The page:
“It’s a huge disparity,” Glazer said. “And yet everyone would agree that a landlord, given the equity advantage, is likely to be in a much better financial position than a tenant.”
The proposed change would bring the subsidy for renters to about $2.5 billion, according to 2019 Franchise Tax Board estimates provided by Glazer’s office.
“That, of course, means $2.5 billion in the pockets of our state’s most vulnerable people,” Glazer said.
Renters are more likely than homeowners to be low-income and are also more likely to be ‘cost-burdened’, meaning they spend more than a third of their income on housing.
The average rent for a two-bedroom apartment in the state is around $2,000, according to the California Department of Housing and Community Development. But real estate website Redfin put the estimate much higher for some of the state’s largest metros: $3,520 in San Francisco and Oakland, $3,394 in Los Angeles and $3,077 in San Diego.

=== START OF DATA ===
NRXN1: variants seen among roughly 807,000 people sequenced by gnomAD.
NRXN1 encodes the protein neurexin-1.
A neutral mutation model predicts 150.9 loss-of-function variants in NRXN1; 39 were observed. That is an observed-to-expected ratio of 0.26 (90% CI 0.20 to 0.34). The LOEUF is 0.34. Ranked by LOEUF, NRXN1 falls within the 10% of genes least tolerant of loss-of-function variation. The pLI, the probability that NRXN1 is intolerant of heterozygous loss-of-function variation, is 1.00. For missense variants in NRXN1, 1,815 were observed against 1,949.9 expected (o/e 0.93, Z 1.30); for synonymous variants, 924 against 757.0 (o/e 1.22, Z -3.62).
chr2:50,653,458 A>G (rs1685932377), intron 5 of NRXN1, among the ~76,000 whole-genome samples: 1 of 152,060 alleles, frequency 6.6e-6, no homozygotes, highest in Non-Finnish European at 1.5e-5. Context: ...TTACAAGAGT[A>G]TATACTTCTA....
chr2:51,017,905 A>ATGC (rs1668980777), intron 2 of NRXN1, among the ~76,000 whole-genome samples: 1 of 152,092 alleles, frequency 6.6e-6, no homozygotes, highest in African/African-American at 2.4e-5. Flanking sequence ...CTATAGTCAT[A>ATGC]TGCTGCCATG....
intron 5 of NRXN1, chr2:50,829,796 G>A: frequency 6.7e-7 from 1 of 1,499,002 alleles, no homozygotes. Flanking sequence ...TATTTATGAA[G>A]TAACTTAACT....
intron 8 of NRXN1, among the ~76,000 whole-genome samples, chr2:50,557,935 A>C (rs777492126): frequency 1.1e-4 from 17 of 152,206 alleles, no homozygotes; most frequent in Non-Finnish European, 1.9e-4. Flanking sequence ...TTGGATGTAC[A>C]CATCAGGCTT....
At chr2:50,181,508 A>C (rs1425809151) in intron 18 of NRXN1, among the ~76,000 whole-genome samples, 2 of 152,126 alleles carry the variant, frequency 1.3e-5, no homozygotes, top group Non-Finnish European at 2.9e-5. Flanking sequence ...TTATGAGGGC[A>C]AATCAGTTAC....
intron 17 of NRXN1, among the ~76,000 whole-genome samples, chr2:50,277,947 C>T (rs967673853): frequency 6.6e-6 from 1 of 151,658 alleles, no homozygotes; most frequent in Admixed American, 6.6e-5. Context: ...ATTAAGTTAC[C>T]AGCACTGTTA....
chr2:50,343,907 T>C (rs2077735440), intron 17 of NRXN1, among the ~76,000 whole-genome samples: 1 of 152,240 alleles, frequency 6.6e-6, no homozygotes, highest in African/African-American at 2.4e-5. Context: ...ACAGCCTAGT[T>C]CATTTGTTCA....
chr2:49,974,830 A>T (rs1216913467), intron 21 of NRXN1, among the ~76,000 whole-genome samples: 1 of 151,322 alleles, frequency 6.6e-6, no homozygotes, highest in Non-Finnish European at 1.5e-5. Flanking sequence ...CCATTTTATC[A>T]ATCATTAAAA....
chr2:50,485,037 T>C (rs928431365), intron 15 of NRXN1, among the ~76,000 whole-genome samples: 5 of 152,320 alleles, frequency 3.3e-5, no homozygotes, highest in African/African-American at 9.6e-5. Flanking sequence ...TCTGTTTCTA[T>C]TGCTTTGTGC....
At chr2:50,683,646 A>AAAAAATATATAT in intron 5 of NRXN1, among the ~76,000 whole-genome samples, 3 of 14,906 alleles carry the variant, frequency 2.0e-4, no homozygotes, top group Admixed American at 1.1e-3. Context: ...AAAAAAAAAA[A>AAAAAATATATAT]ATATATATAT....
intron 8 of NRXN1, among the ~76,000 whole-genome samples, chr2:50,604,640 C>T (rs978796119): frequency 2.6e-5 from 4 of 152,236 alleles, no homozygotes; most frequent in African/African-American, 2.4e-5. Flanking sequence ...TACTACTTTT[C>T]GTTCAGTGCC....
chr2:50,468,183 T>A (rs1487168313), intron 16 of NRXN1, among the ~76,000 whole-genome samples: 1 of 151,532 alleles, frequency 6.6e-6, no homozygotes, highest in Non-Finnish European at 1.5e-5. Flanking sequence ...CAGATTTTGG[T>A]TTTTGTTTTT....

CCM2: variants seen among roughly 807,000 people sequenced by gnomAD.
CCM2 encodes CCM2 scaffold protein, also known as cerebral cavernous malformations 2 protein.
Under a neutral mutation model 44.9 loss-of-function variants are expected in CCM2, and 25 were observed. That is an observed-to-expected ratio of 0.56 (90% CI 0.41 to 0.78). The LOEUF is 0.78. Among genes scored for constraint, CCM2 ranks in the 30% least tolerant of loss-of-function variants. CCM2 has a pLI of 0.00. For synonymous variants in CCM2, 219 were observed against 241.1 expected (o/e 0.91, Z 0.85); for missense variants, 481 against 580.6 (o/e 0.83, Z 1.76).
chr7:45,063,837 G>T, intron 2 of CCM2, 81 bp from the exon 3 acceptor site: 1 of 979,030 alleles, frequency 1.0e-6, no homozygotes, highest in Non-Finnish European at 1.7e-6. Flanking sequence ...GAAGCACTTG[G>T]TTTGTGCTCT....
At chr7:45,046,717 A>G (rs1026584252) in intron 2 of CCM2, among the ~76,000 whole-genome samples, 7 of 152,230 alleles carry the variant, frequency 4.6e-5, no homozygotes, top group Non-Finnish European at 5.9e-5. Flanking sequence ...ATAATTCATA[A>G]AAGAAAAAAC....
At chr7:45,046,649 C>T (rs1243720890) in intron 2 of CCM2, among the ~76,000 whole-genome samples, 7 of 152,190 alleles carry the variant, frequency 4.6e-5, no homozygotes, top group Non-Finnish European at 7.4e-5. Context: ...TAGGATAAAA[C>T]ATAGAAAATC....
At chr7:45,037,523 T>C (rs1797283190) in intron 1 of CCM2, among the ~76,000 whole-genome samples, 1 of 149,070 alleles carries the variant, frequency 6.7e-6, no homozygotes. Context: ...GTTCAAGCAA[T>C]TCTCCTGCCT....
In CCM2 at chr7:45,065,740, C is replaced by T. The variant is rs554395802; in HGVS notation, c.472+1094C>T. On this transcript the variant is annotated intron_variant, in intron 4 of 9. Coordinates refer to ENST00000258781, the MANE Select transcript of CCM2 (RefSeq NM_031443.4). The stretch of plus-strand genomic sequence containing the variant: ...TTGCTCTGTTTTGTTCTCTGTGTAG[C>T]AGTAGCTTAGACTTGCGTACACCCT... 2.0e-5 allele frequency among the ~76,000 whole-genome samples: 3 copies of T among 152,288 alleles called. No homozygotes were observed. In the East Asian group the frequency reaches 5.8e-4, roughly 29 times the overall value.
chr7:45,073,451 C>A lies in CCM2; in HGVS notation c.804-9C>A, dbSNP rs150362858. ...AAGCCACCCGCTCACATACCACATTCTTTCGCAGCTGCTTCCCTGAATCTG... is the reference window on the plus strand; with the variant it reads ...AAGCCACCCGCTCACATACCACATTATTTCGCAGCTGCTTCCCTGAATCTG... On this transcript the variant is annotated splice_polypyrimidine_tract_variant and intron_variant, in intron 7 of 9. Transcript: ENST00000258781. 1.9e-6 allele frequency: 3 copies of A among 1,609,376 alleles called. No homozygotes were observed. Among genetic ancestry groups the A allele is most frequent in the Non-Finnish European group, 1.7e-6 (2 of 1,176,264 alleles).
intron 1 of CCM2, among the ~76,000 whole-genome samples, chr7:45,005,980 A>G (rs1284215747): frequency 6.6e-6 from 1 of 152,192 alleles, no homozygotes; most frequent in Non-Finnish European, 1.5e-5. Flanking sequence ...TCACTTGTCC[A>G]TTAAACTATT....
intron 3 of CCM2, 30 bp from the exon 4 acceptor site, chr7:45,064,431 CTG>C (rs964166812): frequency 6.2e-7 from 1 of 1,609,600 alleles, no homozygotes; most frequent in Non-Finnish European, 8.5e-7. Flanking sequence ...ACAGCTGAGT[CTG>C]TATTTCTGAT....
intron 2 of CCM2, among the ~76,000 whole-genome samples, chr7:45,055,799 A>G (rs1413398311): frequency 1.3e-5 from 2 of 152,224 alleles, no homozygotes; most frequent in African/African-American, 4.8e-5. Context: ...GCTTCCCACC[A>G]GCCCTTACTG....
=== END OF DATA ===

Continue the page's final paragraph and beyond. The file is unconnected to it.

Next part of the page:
Jackie Lowery, 55, pays around $3,000 a month for a four-bedroom house in Antioch, where she lives with her husband, adult son and girlfriend. She says the tax credit won’t go very far to cover her monthly rent – but it would help.
“For too long tenants have always had the small end of the stick on everything,” she said. “It’s high time the tenants could get something back.”
This is Glazer’s third attempt to increase the tax credit for tenants. Despite strong bipartisan support, his previous attempts – in the 2019 and 2017 legislative sessions – failed in the Assembly.
But now, with eviction moratoriums and rent relief during the pandemic, Glazer said there’s more attention than ever to the plight of tenants in the state.
“So hopefully that will make a difference” to get the bill signed, he said.
Rob Wiener, executive director of the California Coalition for Rural Housing, which represents many low-income tenants, said his organization generally supports the bill.
But he said, “That’s not a lot of money at all. I mean, what can you get with $500?”